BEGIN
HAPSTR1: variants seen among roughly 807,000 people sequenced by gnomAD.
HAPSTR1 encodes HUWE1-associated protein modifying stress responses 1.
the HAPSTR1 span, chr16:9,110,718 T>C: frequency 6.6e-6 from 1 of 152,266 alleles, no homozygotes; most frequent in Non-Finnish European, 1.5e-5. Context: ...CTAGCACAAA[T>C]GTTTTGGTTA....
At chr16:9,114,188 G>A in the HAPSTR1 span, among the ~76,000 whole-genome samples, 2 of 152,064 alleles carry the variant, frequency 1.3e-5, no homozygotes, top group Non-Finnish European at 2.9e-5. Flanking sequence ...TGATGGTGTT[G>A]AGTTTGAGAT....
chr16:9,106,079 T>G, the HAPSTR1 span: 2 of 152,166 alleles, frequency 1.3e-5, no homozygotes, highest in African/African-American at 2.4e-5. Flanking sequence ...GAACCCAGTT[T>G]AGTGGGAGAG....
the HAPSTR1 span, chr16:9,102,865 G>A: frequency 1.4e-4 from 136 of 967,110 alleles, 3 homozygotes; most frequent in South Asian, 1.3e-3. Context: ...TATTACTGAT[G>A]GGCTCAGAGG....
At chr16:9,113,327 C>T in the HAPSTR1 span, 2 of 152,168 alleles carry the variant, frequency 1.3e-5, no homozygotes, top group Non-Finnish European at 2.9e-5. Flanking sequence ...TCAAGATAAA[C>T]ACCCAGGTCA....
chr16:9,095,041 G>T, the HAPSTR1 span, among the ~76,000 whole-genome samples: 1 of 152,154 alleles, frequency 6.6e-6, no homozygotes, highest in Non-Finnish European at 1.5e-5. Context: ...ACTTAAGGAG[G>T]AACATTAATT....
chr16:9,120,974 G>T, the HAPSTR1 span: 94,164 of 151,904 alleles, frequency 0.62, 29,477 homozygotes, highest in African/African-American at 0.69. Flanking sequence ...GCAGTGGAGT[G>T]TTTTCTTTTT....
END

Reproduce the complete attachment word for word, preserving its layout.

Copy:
HAPSTR1: variants seen among roughly 807,000 people sequenced by gnomAD.
HAPSTR1 encodes HUWE1-associated protein modifying stress responses 1.
the HAPSTR1 span, chr16:9,110,718 T>C: frequency 6.6e-6 from 1 of 152,266 alleles, no homozygotes; most frequent in Non-Finnish European, 1.5e-5. Context: ...CTAGCACAAA[T>C]GTTTTGGTTA....
At chr16:9,114,188 G>A in the HAPSTR1 span, among the ~76,000 whole-genome samples, 2 of 152,064 alleles carry the variant, frequency 1.3e-5, no homozygotes, top group Non-Finnish European at 2.9e-5. Flanking sequence ...TGATGGTGTT[G>A]AGTTTGAGAT....
chr16:9,106,079 T>G, the HAPSTR1 span: 2 of 152,166 alleles, frequency 1.3e-5, no homozygotes, highest in African/African-American at 2.4e-5. Flanking sequence ...GAACCCAGTT[T>G]AGTGGGAGAG....
the HAPSTR1 span, chr16:9,102,865 G>A: frequency 1.4e-4 from 136 of 967,110 alleles, 3 homozygotes; most frequent in South Asian, 1.3e-3. Context: ...TATTACTGAT[G>A]GGCTCAGAGG....
At chr16:9,113,327 C>T in the HAPSTR1 span, 2 of 152,168 alleles carry the variant, frequency 1.3e-5, no homozygotes, top group Non-Finnish European at 2.9e-5. Flanking sequence ...TCAAGATAAA[C>T]ACCCAGGTCA....
chr16:9,095,041 G>T, the HAPSTR1 span, among the ~76,000 whole-genome samples: 1 of 152,154 alleles, frequency 6.6e-6, no homozygotes, highest in Non-Finnish European at 1.5e-5. Context: ...ACTTAAGGAG[G>T]AACATTAATT....
chr16:9,120,974 G>T, the HAPSTR1 span: 94,164 of 151,904 alleles, frequency 0.62, 29,477 homozygotes, highest in African/African-American at 0.69. Flanking sequence ...GCAGTGGAGT[G>T]TTTTCTTTTT....